Our Ida Saga

It could’ve been worse, but it was quite an ordeal.
An Exhuased Young Businessman With Glasses Lay Down On Bed And Get To Sleep After Tried From Travel, Soft Tone With Light Ray
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I keep saying I can’t possibly take another thing: COVID, my father’s illness and continuing decline, two car accidents in as many months, seeing my rape translated into 15 languages and on the front page of the New York Times. And yet shit keeps happening: my mother’s sudden death, a ruptured ovarian cyst landing me in the ER, a Category 4 hurricane.

What can you do, honestly, except grin and bear it?

Well, maybe not grin. But bearing it is essentially the only option … with of course a healthy pour of bourbon as a chaser.

And of course it could be worse. In fact, now, with almost two weeks of distance from our post-Ida evacuation, it’s almost funny.

We initially went to my in-laws in Metairie because they had a generator and solid hurricane shutters, but once we learned power would be out “indefinitely,” we decided to get out of town, leaving around 5 p.m. on the Tuesday after the storm with four people and a carsick dog crammed into a Corolla.

As we drove up I-59 bound for a lovely and generous friend’s home in Columbia, Tennessee, we realized we’d have to stop for the night, and I thought I’d successfully booked two pet-friendly rooms at a good rate … only to realize moments later that, due to overwhelming stress and my sketchy internet connection on my phone, I’d booked rooms for two weeks out. (They kindly refunded my money.)

After my disastrous hotel booking attempt, my husband decided I should not be in charge of such things, and we pulled off the road in Meridian, Mississippi, to try our luck. And lo and behold! After a few strikeouts, we found two rooms at a chain motel. Hooray!

However, the first room was full of liquor bottles and fast food wrappers with a tangle of dirty sheets and towels on the floor, and the second room was off of a courtyard where people were blasting loud music and screaming obscenities. After we watched a one-legged man try to break into the room next to ours; had another guy curse at our dog, as though a half-blind golden retriever mix isn’t the least threatening baby on the planet; and heard a fight break out at the pool, we left without unpacking a single bag.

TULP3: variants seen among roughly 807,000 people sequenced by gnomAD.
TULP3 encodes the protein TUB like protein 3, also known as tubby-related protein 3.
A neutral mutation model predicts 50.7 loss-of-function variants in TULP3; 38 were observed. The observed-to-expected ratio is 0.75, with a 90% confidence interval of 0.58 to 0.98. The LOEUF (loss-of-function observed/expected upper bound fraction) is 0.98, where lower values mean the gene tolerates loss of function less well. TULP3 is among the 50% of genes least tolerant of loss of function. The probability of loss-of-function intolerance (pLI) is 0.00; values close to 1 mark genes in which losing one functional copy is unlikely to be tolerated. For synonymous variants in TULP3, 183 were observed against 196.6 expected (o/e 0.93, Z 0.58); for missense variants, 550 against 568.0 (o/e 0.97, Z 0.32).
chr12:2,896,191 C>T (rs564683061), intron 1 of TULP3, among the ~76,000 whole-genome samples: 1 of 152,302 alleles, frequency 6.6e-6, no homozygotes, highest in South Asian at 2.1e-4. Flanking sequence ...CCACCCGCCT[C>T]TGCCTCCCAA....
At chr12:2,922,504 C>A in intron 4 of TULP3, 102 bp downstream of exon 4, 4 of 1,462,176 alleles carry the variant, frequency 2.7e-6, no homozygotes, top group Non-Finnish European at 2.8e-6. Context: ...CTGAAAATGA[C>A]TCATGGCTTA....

Finally, at midnight, we pulled into a motel in Tuscaloosa and just crashed, not even caring what we paid or how clean the rooms were.

It was depressing to realize that ultimately, in the course of a few hours, we booked six hotel rooms, paid for four, and actually used two – but that’s how it goes in an evacuation.

Once we got to Tennessee, we tried to make the best of it, even though it was like no one there had ever even heard of COVID.  But no matter how much we knew we should be grateful, no matter how good we knew we had it, we still weren’t happy, exactly. And we felt guilty about it.

But my friend Fritz likes to share the advice he got from a Red Cross worker after Katrina: “If you can still be happy when other people have it better than you, you can still be sad when other people have it worse than you.”

So if I can be happy with a simple pleasure like a perfect iced coffee on a sunny day while somewhere a billionaire is sipping cognac and playing cornhole with leatherback turtle heads while his servants lay out ivory flatware on a table made out of California redwood, then I guess we were allowed to be cranky at our set of circumstances, as pleasant as they were.

Now, though, we are back and dealing with school closures, insurance hassles, and grocery store shortages … but we are happy.

We don’t belong anywhere else. We don’t feel at home anywhere else.

New Orleans isn’t perfect – God knows it isn’t even close! – but it’s the only perfect place for us.

Welcome back, y’all!

 

 

 

Categories: Joie d’Eve